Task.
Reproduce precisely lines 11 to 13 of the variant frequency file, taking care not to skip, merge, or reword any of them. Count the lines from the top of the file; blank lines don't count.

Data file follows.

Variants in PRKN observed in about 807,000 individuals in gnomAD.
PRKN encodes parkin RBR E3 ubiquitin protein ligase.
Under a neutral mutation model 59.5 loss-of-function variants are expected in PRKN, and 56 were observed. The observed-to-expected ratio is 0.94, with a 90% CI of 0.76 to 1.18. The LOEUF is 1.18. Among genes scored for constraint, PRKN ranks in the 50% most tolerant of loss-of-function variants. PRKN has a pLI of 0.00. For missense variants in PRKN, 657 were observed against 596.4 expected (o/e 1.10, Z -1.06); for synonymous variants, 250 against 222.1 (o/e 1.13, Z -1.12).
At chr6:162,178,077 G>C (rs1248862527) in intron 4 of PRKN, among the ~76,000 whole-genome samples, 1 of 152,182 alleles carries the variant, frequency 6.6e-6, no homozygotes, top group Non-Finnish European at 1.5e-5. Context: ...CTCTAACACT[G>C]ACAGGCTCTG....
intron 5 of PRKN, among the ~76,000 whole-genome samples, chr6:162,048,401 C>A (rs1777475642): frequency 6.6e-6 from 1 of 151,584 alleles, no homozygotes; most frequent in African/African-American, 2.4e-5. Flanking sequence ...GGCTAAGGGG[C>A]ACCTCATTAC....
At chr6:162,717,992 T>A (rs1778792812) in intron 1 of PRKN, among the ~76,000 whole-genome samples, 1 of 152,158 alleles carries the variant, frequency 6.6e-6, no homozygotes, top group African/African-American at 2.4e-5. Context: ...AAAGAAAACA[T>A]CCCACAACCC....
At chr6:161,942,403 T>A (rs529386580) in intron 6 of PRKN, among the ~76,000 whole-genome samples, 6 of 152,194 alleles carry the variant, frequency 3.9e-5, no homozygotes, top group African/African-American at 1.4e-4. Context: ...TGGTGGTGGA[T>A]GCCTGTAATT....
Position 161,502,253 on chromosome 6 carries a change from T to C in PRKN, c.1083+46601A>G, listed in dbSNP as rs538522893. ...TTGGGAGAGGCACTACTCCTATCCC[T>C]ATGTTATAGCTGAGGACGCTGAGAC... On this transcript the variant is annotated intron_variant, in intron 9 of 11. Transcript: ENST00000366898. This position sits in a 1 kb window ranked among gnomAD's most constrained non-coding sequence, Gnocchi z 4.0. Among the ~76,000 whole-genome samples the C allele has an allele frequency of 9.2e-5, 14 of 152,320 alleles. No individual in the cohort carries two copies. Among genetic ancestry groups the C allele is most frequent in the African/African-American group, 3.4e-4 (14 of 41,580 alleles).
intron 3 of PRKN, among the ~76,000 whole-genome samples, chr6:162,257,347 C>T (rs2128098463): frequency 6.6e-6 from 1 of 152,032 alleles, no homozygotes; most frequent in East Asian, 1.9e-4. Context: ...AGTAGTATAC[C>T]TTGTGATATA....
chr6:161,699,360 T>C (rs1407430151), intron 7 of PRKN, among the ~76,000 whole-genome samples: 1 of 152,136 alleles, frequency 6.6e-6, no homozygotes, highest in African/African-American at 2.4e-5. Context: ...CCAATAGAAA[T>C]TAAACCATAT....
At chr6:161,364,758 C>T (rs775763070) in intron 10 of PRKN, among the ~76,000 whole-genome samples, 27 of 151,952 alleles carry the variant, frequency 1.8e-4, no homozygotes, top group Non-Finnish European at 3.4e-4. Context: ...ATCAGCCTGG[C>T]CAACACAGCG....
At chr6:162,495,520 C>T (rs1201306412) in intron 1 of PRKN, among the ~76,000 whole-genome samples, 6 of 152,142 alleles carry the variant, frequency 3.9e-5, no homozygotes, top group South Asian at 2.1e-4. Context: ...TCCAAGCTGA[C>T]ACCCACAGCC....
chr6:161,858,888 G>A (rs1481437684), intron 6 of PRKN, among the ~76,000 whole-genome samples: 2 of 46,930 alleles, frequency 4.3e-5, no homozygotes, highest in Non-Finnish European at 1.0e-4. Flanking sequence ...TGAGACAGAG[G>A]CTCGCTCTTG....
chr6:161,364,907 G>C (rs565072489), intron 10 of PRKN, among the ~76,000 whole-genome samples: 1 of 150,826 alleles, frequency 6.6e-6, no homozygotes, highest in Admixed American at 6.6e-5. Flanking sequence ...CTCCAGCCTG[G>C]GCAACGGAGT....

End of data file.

At chr6:161,364,758 C>T (rs775763070) in intron 10 of PRKN, among the ~76,000 whole-genome samples, 27 of 151,952 alleles carry the variant, frequency 1.8e-4, no homozygotes, top group Non-Finnish European at 3.4e-4. Context: ...ATCAGCCTGG[C>T]CAACACAGCG....
At chr6:162,495,520 C>T (rs1201306412) in intron 1 of PRKN, among the ~76,000 whole-genome samples, 6 of 152,142 alleles carry the variant, frequency 3.9e-5, no homozygotes, top group South Asian at 2.1e-4. Context: ...TCCAAGCTGA[C>T]ACCCACAGCC....
chr6:161,858,888 G>A (rs1481437684), intron 6 of PRKN, among the ~76,000 whole-genome samples: 2 of 46,930 alleles, frequency 4.3e-5, no homozygotes, highest in Non-Finnish European at 1.0e-4. Flanking sequence ...TGAGACAGAG[G>A]CTCGCTCTTG....